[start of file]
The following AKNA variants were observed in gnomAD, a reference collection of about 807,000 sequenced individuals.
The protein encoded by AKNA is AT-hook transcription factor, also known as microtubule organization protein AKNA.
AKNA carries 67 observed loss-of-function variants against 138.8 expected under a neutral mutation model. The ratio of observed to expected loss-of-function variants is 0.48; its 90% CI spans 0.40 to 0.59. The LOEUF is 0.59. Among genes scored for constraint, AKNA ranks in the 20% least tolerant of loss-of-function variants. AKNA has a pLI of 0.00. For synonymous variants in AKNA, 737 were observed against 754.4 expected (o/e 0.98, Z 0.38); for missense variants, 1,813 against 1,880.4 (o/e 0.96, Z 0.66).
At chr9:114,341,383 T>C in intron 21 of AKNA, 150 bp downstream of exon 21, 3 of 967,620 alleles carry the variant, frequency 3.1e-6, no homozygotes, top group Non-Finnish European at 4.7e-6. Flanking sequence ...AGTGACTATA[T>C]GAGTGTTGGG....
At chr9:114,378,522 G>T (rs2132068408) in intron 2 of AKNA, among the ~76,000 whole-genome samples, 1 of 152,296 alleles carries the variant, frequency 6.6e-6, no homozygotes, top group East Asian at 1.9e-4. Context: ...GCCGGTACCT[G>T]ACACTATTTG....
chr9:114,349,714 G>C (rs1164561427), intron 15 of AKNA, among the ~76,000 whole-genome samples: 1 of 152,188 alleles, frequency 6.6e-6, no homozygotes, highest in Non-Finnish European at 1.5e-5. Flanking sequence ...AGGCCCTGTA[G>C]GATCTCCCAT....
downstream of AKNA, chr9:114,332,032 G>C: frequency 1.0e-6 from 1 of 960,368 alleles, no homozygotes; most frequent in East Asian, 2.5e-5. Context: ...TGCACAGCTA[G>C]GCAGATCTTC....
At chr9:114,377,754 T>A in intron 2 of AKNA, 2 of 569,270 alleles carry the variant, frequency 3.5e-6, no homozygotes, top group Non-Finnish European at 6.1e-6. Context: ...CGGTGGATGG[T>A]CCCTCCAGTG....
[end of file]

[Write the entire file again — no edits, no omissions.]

The following AKNA variants were observed in gnomAD, a reference collection of about 807,000 sequenced individuals.
The protein encoded by AKNA is AT-hook transcription factor, also known as microtubule organization protein AKNA.
AKNA carries 67 observed loss-of-function variants against 138.8 expected under a neutral mutation model. The ratio of observed to expected loss-of-function variants is 0.48; its 90% CI spans 0.40 to 0.59. The LOEUF is 0.59. Among genes scored for constraint, AKNA ranks in the 20% least tolerant of loss-of-function variants. AKNA has a pLI of 0.00. For synonymous variants in AKNA, 737 were observed against 754.4 expected (o/e 0.98, Z 0.38); for missense variants, 1,813 against 1,880.4 (o/e 0.96, Z 0.66).
At chr9:114,341,383 T>C in intron 21 of AKNA, 150 bp downstream of exon 21, 3 of 967,620 alleles carry the variant, frequency 3.1e-6, no homozygotes, top group Non-Finnish European at 4.7e-6. Flanking sequence ...AGTGACTATA[T>C]GAGTGTTGGG....
At chr9:114,378,522 G>T (rs2132068408) in intron 2 of AKNA, among the ~76,000 whole-genome samples, 1 of 152,296 alleles carries the variant, frequency 6.6e-6, no homozygotes, top group East Asian at 1.9e-4. Context: ...GCCGGTACCT[G>T]ACACTATTTG....
chr9:114,349,714 G>C (rs1164561427), intron 15 of AKNA, among the ~76,000 whole-genome samples: 1 of 152,188 alleles, frequency 6.6e-6, no homozygotes, highest in Non-Finnish European at 1.5e-5. Flanking sequence ...AGGCCCTGTA[G>C]GATCTCCCAT....
downstream of AKNA, chr9:114,332,032 G>C: frequency 1.0e-6 from 1 of 960,368 alleles, no homozygotes; most frequent in East Asian, 2.5e-5. Context: ...TGCACAGCTA[G>C]GCAGATCTTC....
At chr9:114,377,754 T>A in intron 2 of AKNA, 2 of 569,270 alleles carry the variant, frequency 3.5e-6, no homozygotes, top group Non-Finnish European at 6.1e-6. Context: ...CGGTGGATGG[T>A]CCCTCCAGTG....